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Re: Counting tests

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From:
Fergal Daly
Date:
March 16, 2009 16:52
Subject:
Re: Counting tests
Message ID:
875029960903161652n221b9980ke3d3ac849a52beb0@mail.gmail.com
2009/3/16 Michael G Schwern <schwern@pobox.com>:
> Fergal Daly wrote:
>> Alternatively, the plan is a meta-test, a test for your testing code.
>> It is the equivalent of putting
>>
>> is($tests_run_count, $tests_i_planned_count)
>>
>> at the end of your test script. Letting the computer calculate the
>> plan is the equivalent of putting
>>
>> is($tests_run_count, $tests_run_count)
>>
>> at the end of the your test script. It's pointless. It will always pass.
>
> I hear where you're coming from, but there is some value in knowing a test
> still does what it did before.  A regression test.
>
> Consider the following:
>
>    my @things = $obj->things(3);
>    for my $thing (@things) {
>        is $thing, 42;
>    }
>
> It's nice to know that things() still returns 3 items.  Yes, there should be a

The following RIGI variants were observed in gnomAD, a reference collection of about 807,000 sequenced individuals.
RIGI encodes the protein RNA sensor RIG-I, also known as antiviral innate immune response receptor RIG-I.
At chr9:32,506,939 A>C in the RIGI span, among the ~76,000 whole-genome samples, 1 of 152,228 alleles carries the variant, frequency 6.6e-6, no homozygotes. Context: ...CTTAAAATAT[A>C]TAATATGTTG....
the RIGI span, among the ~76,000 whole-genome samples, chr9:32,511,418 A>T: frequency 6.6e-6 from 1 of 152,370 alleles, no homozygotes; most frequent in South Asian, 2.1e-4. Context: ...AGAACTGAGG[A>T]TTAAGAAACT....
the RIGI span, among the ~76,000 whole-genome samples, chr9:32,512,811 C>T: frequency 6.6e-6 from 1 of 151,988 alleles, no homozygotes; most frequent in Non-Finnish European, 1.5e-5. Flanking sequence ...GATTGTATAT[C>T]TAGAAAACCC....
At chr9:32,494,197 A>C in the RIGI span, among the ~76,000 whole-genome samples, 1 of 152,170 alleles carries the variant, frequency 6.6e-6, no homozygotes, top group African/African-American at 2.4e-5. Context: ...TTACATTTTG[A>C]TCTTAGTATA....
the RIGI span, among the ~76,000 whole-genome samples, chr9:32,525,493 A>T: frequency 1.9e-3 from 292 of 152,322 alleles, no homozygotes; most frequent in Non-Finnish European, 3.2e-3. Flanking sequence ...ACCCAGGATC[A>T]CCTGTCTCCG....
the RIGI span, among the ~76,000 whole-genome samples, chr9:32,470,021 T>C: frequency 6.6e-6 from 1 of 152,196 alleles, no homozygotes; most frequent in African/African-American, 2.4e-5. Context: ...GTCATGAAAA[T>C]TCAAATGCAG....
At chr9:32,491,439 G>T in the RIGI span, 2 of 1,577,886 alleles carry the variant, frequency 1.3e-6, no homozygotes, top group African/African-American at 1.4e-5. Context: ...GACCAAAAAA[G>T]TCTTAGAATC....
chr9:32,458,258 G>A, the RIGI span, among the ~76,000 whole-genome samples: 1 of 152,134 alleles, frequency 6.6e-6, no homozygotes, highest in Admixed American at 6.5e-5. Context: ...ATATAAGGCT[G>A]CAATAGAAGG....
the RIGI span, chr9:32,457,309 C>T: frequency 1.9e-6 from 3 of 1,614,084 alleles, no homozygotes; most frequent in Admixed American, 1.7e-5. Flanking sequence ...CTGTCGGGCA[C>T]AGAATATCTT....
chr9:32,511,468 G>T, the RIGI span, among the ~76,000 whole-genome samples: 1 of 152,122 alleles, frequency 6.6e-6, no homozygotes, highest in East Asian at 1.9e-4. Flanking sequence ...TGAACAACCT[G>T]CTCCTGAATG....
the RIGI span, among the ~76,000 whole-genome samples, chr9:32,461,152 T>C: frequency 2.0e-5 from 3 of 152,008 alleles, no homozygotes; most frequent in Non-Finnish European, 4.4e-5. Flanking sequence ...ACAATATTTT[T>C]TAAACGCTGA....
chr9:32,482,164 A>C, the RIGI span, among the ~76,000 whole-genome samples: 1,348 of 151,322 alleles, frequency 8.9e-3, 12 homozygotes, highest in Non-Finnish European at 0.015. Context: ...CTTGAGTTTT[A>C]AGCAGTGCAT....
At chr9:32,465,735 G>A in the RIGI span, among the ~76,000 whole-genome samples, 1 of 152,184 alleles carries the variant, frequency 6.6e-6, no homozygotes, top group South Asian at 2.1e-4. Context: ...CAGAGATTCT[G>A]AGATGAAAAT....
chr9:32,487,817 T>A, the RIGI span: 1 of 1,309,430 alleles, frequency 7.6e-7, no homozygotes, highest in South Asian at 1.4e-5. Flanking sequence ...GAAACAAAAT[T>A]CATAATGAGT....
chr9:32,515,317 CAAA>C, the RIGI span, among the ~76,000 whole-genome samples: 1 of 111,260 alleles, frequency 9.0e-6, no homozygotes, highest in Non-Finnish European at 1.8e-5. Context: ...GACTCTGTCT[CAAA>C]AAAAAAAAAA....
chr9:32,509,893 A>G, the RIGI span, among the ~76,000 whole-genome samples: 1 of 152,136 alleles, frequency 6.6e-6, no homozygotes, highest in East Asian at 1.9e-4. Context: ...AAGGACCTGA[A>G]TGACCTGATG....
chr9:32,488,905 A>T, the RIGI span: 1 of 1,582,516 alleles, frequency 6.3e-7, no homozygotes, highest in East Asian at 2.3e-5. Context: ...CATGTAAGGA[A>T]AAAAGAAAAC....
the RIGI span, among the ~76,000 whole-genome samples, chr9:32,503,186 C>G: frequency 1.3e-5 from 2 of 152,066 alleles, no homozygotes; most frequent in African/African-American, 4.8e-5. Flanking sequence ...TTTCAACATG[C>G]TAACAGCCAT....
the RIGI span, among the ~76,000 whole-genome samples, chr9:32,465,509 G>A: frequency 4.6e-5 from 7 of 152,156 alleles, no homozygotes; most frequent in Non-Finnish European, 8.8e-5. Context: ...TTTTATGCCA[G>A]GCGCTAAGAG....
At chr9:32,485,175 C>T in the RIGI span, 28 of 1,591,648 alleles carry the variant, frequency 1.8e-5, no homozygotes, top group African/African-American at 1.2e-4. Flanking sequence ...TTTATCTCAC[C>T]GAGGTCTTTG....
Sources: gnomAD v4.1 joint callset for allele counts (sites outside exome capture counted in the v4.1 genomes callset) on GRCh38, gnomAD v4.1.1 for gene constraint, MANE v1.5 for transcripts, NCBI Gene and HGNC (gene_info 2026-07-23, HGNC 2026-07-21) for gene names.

> test in there checking that @things == 3 but maybe there's not and this is a
> simple example.

This is exactly what a plan will catch and why it can't be automated.
As far as I can tell we're agreeing.

> That said, I'm not fond of those folks with editor macros to set the count to
> whatever number just ran.  Seems too easy to abuse.

This is not unreasonable if you have an RCS, particularly if you do
code reviews of each others checkins because then you're likely to
notice how the plan is changing (or not) with each checkin. Otherwise
you're just wasting CPU cycles and should use no_plan,

F

>
> --
> "Clutter and overload are not an attribute of information,
>  they are failures of design"
>    -- Edward Tufte
>

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